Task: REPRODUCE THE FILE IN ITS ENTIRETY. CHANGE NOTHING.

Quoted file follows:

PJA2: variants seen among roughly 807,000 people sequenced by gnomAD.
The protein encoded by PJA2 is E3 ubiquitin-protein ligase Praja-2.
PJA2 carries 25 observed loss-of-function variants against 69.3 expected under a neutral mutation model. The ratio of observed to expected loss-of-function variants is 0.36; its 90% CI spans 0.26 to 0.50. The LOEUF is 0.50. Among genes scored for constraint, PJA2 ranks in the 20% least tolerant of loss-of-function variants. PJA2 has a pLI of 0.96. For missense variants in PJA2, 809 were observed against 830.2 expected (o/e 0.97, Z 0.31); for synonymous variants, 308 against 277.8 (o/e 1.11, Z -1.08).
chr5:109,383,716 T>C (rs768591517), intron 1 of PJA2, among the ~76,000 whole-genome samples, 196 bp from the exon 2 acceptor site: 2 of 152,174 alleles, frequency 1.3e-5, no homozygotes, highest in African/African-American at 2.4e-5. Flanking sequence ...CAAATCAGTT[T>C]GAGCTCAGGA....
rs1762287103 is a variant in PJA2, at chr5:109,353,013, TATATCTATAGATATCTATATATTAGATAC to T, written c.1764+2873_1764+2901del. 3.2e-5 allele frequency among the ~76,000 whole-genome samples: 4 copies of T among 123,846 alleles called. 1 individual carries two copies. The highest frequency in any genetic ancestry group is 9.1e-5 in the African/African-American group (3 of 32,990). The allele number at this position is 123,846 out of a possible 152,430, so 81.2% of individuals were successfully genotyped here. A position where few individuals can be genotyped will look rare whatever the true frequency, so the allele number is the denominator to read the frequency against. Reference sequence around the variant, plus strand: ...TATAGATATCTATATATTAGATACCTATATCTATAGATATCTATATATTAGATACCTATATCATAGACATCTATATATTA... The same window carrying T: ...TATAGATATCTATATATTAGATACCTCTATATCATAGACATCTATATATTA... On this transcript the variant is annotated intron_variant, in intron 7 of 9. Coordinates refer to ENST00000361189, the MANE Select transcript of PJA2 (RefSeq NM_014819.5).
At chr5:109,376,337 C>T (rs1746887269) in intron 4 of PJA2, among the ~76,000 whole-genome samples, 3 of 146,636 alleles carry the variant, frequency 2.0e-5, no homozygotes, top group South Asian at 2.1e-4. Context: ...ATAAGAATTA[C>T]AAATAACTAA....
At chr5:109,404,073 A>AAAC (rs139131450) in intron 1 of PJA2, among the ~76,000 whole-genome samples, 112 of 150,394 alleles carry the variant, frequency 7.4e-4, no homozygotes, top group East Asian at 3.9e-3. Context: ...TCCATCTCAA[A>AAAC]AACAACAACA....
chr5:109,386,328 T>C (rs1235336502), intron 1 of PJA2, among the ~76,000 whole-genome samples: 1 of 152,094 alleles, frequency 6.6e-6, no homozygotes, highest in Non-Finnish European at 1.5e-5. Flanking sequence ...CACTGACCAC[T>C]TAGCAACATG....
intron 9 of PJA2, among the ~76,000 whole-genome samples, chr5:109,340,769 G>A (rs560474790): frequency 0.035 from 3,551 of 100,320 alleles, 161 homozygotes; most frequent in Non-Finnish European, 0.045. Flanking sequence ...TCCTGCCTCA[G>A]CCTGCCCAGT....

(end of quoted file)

PJA2: variants seen among roughly 807,000 people sequenced by gnomAD.
The protein encoded by PJA2 is E3 ubiquitin-protein ligase Praja-2.
PJA2 carries 25 observed loss-of-function variants against 69.3 expected under a neutral mutation model. The ratio of observed to expected loss-of-function variants is 0.36; its 90% CI spans 0.26 to 0.50. The LOEUF is 0.50. Among genes scored for constraint, PJA2 ranks in the 20% least tolerant of loss-of-function variants. PJA2 has a pLI of 0.96. For missense variants in PJA2, 809 were observed against 830.2 expected (o/e 0.97, Z 0.31); for synonymous variants, 308 against 277.8 (o/e 1.11, Z -1.08).
chr5:109,383,716 T>C (rs768591517), intron 1 of PJA2, among the ~76,000 whole-genome samples, 196 bp from the exon 2 acceptor site: 2 of 152,174 alleles, frequency 1.3e-5, no homozygotes, highest in African/African-American at 2.4e-5. Flanking sequence ...CAAATCAGTT[T>C]GAGCTCAGGA....
rs1762287103 is a variant in PJA2, at chr5:109,353,013, TATATCTATAGATATCTATATATTAGATAC to T, written c.1764+2873_1764+2901del. 3.2e-5 allele frequency among the ~76,000 whole-genome samples: 4 copies of T among 123,846 alleles called. 1 individual carries two copies. The highest frequency in any genetic ancestry group is 9.1e-5 in the African/African-American group (3 of 32,990). The allele number at this position is 123,846 out of a possible 152,430, so 81.2% of individuals were successfully genotyped here. A position where few individuals can be genotyped will look rare whatever the true frequency, so the allele number is the denominator to read the frequency against. Reference sequence around the variant, plus strand: ...TATAGATATCTATATATTAGATACCTATATCTATAGATATCTATATATTAGATACCTATATCATAGACATCTATATATTA... The same window carrying T: ...TATAGATATCTATATATTAGATACCTCTATATCATAGACATCTATATATTA... On this transcript the variant is annotated intron_variant, in intron 7 of 9. Coordinates refer to ENST00000361189, the MANE Select transcript of PJA2 (RefSeq NM_014819.5).
At chr5:109,376,337 C>T (rs1746887269) in intron 4 of PJA2, among the ~76,000 whole-genome samples, 3 of 146,636 alleles carry the variant, frequency 2.0e-5, no homozygotes, top group South Asian at 2.1e-4. Context: ...ATAAGAATTA[C>T]AAATAACTAA....
At chr5:109,404,073 A>AAAC (rs139131450) in intron 1 of PJA2, among the ~76,000 whole-genome samples, 112 of 150,394 alleles carry the variant, frequency 7.4e-4, no homozygotes, top group East Asian at 3.9e-3. Context: ...TCCATCTCAA[A>AAAC]AACAACAACA....
chr5:109,386,328 T>C (rs1235336502), intron 1 of PJA2, among the ~76,000 whole-genome samples: 1 of 152,094 alleles, frequency 6.6e-6, no homozygotes, highest in Non-Finnish European at 1.5e-5. Flanking sequence ...CACTGACCAC[T>C]TAGCAACATG....
intron 9 of PJA2, among the ~76,000 whole-genome samples, chr5:109,340,769 G>A (rs560474790): frequency 0.035 from 3,551 of 100,320 alleles, 161 homozygotes; most frequent in Non-Finnish European, 0.045. Flanking sequence ...TCCTGCCTCA[G>A]CCTGCCCAGT....